Rheingold (2008) stresses that the collaboration among people as been in existing during the agricultural civilization. His theory on collaboration correlates to Toffler’s Wave Theory. Thornburg (2008) indicates that Toffler’s Wave Theory consists of the following:Agricultural Age – Wave 1
· Extended family
· Tied to the farm land
· Own small land
· Less mobilityIndustrial Age – Wave 2
· Shift to nuclear family
· Respond to factory model
· Stayed in same localeInformation Age – Wave 3
· Single family
· Blended family
· Children of divorced
· Two paycheck family
· Flexible working hoursCommunication Age – Wave 4
· Paradigm shift
· Internet use
· Ability to collaborate and communicate with others using technology.Rheingold (2008) stresses that the collaboration among people has been in existing during the agricultural civilization. His theory on collaboration correlates to Toffler’s Wave Theory.
Based on the circumstance, humans have a basic instinct to “interact and work as a group.” For example, a group of individuals get shipwrecked on an island; the norm is to work as a group and make use of each other talents and skills for survival. If teachers implement technology effectively and efficiently, learners will begin to understand the benefits of working collaboratively in an online throughout the world. According to Koschmann (1994), computers and their related technologies can facilitate, augment, and even redefine interactions among member of a working group,” (p. 219). Driscoll (2005) reveals that collaborative technologies are now finding their way into instruction to support learning of students engaged in a learning task as members of a group. An important advantage of collaborative technologies that are web-based is that they can provide scaffolding (Hannafin et al., 1997) in the form of virtual access to knowledge experts and online support to make thinking visible. Students will then have the opportunity to identify learning goals, conduct investigations, keep track of their progress, think about their ideas and others, and communicate to others within and outside the actual learning community (Driscoll, 2005).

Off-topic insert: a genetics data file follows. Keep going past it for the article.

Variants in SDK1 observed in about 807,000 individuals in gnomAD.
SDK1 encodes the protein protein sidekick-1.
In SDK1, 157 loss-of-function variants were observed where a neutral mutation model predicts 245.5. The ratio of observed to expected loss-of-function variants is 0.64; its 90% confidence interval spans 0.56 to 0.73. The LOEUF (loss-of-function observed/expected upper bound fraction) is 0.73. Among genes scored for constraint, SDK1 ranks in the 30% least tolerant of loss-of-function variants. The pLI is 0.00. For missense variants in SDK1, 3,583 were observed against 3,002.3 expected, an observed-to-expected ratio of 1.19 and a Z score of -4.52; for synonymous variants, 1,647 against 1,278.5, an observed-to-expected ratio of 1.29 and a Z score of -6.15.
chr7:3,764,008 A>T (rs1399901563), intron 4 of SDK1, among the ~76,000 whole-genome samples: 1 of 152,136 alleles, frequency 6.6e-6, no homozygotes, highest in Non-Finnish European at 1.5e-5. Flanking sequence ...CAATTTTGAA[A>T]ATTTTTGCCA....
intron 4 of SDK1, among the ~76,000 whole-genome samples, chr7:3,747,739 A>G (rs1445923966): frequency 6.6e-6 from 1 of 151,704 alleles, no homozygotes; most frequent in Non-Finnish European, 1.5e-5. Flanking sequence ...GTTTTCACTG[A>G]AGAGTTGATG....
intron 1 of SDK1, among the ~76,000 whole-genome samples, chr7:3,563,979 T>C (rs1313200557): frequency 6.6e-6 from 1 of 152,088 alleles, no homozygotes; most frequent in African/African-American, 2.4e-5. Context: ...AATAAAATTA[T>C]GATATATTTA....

This is a current research study that has been conducted in the last 5 years that supports collaboration as an effective tool for learning:
Glenn, M. (2008, October). The future of higher education: how technology will shape learning. Economist Intelligence Unit report, sponsored by the New Media Consortium, 1-17. Retrieved from http://www.nmc.org/pdf/Future-of-Higher-Ed-(NMC).pdf
Driscoll, M. (2005). Psychology of learning for instruction (3rd ed.). NY: Pearson Education, Inc.
Thornburg, D. (2008). Educational technology: The next wave: Part 1. (Vodcast). Laureate Education Inc. Retrieved from http://bookstore.mbsdirect.net
Rheingold, H. (2008, February). Howard Rheingold on collaboration [Video file]. Retrieved from http://www.ted.com/index.php/talks/howard_rheingold_on_collaboration.html
Module 3: Collaboration
I responded to the following community members: